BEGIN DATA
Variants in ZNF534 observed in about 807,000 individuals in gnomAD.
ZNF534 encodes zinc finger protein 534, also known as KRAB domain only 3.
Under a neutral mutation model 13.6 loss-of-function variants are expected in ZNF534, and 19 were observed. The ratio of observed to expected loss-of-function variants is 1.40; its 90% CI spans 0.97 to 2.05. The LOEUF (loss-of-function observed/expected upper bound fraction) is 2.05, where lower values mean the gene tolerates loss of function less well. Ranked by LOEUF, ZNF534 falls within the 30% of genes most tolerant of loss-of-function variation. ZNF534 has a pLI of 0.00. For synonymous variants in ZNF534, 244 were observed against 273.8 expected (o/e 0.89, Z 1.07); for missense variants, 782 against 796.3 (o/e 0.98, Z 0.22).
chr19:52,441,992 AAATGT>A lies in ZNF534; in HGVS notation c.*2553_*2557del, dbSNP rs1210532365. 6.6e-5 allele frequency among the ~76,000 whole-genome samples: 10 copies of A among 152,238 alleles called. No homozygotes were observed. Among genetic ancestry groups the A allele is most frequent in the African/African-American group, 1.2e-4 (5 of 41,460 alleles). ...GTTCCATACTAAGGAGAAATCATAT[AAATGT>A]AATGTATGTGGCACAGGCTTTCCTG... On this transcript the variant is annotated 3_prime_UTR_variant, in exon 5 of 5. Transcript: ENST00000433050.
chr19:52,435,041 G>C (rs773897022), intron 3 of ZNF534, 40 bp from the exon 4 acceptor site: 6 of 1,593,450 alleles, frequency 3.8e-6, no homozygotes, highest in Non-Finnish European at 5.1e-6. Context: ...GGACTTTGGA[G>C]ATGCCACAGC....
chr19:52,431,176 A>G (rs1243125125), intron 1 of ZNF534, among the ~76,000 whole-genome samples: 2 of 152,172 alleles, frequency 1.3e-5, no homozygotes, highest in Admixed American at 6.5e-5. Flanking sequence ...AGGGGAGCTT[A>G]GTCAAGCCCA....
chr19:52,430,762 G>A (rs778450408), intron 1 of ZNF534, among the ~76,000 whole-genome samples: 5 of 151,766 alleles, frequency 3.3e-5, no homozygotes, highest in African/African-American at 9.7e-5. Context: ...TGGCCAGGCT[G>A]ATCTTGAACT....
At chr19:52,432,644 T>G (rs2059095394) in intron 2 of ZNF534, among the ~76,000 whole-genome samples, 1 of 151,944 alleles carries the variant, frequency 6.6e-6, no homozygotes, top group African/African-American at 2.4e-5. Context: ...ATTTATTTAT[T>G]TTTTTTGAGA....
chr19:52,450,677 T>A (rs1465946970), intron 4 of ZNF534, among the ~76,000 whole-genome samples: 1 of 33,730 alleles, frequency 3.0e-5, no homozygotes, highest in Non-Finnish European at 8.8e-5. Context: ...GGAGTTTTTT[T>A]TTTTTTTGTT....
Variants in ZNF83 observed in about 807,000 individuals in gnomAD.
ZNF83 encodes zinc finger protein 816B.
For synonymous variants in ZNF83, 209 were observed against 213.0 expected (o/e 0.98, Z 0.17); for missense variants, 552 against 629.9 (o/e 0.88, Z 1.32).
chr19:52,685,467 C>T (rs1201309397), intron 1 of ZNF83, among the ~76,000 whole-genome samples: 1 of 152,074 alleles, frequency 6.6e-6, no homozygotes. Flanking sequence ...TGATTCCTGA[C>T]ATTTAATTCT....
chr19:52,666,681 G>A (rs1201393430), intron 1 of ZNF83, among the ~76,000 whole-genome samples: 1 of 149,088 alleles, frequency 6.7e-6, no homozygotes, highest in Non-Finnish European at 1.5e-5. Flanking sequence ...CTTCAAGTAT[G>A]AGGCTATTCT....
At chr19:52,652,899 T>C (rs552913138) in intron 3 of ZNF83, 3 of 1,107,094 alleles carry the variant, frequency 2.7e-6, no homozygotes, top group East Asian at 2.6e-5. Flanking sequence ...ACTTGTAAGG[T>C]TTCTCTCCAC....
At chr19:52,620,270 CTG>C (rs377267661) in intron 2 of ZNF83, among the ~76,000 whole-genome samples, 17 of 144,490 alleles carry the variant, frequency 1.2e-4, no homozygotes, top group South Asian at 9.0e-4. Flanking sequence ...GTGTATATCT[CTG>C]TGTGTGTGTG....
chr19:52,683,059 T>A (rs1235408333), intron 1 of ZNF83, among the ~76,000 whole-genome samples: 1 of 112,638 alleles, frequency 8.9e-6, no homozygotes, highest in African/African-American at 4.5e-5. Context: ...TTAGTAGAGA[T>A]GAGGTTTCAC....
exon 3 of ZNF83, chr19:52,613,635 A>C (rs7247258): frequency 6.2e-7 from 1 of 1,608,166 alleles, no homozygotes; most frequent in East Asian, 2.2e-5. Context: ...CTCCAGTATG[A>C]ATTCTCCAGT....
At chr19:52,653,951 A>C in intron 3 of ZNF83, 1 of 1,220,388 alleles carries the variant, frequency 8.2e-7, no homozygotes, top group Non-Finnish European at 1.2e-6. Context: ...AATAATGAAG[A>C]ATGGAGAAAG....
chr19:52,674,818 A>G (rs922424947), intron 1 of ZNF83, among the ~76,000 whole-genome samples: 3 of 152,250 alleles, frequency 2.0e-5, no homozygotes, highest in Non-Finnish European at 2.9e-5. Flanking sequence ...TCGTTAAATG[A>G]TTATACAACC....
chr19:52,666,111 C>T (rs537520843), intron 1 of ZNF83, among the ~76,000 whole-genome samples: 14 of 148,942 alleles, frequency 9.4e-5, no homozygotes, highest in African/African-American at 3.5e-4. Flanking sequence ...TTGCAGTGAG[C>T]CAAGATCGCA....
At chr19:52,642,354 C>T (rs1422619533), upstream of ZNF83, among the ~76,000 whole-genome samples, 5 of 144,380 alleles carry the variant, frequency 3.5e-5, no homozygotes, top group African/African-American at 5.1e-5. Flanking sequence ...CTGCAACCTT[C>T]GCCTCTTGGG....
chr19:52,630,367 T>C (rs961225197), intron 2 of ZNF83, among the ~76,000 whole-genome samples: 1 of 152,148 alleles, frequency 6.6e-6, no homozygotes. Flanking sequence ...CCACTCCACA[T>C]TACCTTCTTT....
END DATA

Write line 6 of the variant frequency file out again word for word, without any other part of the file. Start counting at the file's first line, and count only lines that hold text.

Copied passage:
chr19:52,431,176 A>G (rs1243125125), intron 1 of ZNF534, among the ~76,000 whole-genome samples: 2 of 152,172 alleles, frequency 1.3e-5, no homozygotes, highest in Admixed American at 6.5e-5. Flanking sequence ...AGGGGAGCTT[A>G]GTCAAGCCCA....